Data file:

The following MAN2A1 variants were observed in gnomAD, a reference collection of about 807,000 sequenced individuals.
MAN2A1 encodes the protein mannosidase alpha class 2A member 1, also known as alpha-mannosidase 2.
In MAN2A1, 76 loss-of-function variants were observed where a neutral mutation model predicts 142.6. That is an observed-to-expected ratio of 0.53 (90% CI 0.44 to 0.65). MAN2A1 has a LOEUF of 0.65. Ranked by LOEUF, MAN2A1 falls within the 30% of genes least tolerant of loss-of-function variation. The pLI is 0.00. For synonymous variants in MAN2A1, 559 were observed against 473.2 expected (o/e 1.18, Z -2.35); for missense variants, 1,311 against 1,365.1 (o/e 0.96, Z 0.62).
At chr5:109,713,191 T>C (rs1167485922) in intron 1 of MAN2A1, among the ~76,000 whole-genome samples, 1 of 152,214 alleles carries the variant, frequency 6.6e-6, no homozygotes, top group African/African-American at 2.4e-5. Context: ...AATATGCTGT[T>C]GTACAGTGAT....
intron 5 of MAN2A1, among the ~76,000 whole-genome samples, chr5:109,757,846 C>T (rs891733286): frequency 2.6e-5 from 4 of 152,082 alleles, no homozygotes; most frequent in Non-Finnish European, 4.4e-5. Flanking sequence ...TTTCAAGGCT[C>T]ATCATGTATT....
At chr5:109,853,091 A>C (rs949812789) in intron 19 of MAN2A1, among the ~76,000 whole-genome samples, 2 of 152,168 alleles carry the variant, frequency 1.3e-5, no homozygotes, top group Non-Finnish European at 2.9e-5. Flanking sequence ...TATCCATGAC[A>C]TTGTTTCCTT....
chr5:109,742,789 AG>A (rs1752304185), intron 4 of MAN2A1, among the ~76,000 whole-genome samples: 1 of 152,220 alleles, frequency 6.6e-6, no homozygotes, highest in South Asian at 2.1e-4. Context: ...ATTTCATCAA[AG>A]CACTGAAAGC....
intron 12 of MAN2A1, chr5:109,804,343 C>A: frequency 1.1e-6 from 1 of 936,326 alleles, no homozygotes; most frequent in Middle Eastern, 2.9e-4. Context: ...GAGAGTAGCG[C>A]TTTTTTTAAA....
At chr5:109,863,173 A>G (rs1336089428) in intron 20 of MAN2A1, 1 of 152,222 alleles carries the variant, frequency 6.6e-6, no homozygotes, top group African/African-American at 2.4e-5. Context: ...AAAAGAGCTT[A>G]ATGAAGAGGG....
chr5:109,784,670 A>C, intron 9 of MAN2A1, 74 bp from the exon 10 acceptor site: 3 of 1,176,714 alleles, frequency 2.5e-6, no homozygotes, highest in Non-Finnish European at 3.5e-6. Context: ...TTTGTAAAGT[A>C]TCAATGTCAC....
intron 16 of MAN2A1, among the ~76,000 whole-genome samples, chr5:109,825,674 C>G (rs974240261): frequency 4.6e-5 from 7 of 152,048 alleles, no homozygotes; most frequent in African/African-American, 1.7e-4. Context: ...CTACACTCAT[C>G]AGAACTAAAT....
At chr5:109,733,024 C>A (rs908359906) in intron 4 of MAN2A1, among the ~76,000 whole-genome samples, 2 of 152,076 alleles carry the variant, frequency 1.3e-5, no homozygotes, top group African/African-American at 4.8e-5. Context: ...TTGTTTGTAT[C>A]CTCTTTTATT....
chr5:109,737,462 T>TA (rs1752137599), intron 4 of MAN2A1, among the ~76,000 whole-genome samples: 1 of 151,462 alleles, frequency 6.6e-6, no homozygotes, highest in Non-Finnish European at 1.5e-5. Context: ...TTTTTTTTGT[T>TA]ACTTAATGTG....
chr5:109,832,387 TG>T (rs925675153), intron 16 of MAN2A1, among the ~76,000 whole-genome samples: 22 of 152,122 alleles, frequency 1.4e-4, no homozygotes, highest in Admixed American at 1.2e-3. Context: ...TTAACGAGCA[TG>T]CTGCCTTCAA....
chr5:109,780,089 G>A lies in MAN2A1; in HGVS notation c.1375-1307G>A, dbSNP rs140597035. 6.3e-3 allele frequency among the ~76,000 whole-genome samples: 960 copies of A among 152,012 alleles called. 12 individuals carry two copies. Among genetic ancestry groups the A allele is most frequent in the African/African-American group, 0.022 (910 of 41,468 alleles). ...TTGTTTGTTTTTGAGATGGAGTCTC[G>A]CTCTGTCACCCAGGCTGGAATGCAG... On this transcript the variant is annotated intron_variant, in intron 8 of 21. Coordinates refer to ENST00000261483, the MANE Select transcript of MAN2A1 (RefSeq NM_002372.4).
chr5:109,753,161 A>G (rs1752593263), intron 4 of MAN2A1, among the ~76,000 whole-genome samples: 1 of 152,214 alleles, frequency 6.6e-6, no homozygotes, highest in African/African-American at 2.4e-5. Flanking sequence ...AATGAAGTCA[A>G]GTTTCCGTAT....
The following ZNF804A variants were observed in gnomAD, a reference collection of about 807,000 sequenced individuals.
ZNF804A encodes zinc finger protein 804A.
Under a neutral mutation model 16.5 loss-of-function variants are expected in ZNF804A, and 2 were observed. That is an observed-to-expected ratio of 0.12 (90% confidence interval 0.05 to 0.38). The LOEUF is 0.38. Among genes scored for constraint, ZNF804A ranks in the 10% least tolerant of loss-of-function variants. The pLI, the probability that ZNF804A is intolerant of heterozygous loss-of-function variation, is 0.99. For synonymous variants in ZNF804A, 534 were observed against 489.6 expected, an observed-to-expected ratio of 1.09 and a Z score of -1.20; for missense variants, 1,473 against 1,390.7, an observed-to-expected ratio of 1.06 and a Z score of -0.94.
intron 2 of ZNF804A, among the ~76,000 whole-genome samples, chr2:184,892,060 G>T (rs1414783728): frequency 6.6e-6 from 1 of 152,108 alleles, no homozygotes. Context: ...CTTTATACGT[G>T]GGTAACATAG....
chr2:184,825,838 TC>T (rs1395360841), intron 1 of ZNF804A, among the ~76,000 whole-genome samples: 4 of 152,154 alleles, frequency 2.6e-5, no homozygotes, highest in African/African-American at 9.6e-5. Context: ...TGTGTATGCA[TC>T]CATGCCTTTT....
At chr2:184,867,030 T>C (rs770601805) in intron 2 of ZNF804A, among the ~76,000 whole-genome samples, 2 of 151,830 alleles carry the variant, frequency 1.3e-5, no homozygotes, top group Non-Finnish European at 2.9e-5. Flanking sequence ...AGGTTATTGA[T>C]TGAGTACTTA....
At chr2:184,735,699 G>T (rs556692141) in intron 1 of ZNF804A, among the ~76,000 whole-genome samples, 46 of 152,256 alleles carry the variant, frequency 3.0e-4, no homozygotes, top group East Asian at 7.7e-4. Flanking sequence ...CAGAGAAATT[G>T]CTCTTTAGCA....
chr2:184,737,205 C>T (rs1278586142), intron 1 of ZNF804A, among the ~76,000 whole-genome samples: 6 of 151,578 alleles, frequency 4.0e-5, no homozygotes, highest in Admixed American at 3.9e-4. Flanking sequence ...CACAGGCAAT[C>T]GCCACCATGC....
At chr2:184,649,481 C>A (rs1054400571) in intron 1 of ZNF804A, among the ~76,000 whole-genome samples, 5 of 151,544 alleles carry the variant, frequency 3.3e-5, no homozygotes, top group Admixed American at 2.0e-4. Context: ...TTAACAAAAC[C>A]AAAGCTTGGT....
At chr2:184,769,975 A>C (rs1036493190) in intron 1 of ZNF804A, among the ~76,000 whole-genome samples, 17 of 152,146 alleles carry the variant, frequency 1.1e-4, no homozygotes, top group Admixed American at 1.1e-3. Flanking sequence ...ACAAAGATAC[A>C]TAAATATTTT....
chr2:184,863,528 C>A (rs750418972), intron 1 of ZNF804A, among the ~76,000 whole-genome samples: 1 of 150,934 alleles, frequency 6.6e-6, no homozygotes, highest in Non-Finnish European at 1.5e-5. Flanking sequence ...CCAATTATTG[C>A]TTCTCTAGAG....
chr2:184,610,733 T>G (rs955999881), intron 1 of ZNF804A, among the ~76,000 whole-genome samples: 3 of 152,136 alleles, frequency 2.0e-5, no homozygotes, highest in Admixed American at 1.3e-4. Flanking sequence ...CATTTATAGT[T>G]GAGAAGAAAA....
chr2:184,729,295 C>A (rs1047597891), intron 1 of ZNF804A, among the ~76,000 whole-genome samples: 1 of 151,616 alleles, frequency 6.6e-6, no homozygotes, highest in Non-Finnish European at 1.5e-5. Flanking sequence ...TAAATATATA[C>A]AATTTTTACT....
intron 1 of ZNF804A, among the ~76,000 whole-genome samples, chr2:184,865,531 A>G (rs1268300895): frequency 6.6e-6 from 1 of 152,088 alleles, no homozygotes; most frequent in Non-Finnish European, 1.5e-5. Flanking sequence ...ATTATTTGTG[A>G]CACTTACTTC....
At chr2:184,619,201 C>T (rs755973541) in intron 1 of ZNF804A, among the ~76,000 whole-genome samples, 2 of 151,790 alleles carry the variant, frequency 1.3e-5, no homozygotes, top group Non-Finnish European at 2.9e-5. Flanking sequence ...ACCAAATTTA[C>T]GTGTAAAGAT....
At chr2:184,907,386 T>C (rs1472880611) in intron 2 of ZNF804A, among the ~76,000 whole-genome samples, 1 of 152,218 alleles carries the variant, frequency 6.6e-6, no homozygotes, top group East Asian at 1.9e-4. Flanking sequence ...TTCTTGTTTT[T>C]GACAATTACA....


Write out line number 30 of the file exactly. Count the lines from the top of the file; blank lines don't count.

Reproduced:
intron 1 of ZNF804A, among the ~76,000 whole-genome samples, chr2:184,865,531 A>G (rs1268300895): frequency 6.6e-6 from 1 of 152,088 alleles, no homozygotes; most frequent in Non-Finnish European, 1.5e-5. Flanking sequence ...ATTATTTGTG[A>G]CACTTACTTC....